If we could fly away from the Earth (imagine Superman), at what point would we notice the Earth's spin (or at what point would be stop moving along with the Earth)? Or is that just not how relativity works, if not please do explain how.
It isn't a question of distance from the Earth. It is just a question of relative velocity. For example if you were next to a geostationary satellite in a geostationary orbit then you would not observe the rotation of the Earth; the Earth would still appear to be stationary to you.
On the flip side, if you were to (somehow) hover $1\,\rm m$ above the surface of the Earth and then (somehow) change your velocity relative to the Earth, then you would see the Earth's surface move relative to you.
Therefore, the distance from the Earth is irrelevant. You could technically rotate with the Earth at any distance from the Earth as long as the correct force(s) is(are) being applied to you. In the same way the distance from the Earth doesn't determine if you are able to move relative to it.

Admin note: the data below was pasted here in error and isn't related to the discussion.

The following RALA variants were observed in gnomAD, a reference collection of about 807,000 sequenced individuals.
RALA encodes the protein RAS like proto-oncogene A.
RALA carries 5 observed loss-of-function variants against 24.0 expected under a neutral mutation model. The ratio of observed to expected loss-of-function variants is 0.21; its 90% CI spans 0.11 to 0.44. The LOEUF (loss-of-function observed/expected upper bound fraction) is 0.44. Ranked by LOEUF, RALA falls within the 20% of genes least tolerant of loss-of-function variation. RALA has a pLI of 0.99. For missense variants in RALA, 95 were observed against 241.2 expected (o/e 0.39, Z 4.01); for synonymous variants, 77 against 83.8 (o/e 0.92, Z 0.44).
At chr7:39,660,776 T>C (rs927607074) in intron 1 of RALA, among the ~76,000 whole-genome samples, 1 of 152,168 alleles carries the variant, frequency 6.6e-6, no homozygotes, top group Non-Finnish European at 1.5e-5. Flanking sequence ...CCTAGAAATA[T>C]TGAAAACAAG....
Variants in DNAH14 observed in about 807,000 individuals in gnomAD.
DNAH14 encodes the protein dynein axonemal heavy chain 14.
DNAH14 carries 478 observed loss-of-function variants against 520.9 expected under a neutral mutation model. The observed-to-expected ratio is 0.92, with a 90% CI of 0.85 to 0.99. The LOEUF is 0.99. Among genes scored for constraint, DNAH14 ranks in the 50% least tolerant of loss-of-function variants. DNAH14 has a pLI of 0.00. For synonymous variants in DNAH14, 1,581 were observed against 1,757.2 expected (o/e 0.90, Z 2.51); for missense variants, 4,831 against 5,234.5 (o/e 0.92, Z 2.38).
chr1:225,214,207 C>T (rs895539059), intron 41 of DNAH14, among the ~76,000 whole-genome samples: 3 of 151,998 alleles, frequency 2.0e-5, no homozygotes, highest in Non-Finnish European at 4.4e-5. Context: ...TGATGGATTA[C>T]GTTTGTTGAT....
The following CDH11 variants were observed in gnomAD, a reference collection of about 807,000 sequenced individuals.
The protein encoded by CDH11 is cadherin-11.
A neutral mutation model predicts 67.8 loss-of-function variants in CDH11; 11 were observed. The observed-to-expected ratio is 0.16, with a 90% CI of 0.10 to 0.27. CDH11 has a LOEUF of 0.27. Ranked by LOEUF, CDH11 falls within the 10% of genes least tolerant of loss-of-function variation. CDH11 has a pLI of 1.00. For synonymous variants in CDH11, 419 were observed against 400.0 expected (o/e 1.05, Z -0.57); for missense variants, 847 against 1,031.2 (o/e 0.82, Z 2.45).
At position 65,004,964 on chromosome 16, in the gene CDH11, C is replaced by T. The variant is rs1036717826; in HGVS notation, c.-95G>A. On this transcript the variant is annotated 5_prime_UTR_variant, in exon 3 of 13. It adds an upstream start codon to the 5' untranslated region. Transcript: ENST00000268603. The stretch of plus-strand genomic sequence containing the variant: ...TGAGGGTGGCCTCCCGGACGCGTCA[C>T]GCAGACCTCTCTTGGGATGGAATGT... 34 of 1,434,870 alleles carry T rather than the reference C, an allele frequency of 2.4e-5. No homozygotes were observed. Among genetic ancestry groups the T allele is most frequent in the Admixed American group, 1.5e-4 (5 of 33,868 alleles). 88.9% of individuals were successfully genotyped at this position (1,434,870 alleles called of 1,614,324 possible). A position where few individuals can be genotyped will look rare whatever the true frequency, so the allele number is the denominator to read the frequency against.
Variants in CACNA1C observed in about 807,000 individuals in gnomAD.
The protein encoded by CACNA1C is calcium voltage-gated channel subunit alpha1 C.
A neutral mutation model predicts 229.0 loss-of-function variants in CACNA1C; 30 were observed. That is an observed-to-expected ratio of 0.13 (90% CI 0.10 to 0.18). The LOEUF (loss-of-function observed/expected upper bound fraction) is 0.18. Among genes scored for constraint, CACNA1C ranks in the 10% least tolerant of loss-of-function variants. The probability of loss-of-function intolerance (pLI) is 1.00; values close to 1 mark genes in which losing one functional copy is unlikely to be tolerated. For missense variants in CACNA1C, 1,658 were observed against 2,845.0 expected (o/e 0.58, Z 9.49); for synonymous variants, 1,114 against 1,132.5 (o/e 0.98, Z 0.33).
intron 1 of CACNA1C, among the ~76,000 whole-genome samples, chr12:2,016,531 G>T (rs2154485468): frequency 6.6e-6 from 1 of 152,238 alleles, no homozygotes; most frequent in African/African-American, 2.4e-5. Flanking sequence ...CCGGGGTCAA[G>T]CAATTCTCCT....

Suppose a rocket always flying in a vertical position at the equator region, and its engine can't move it sideways. In the first kilometers the air density is enough to keep it in the same frame of the base, or rotating with the earth.
But after 100 km, that is conventionally taken as the thickness of the atmosphere, there is no more air drag. So its velocity vector is the sum of a radial component due to the engine and another one constant and normal to the radial component (consequence of the initial frame). $\mathbf v = \mathbf v_r + \mathbf v_n$
As $\mathbf v_n$ doesn't change its direction while the earth rotates, an imaginary line from the centre of the earth to the rocket will gradually cross the earth surface at a point more to west. What translates to an observer in the rocket as a rotating earth.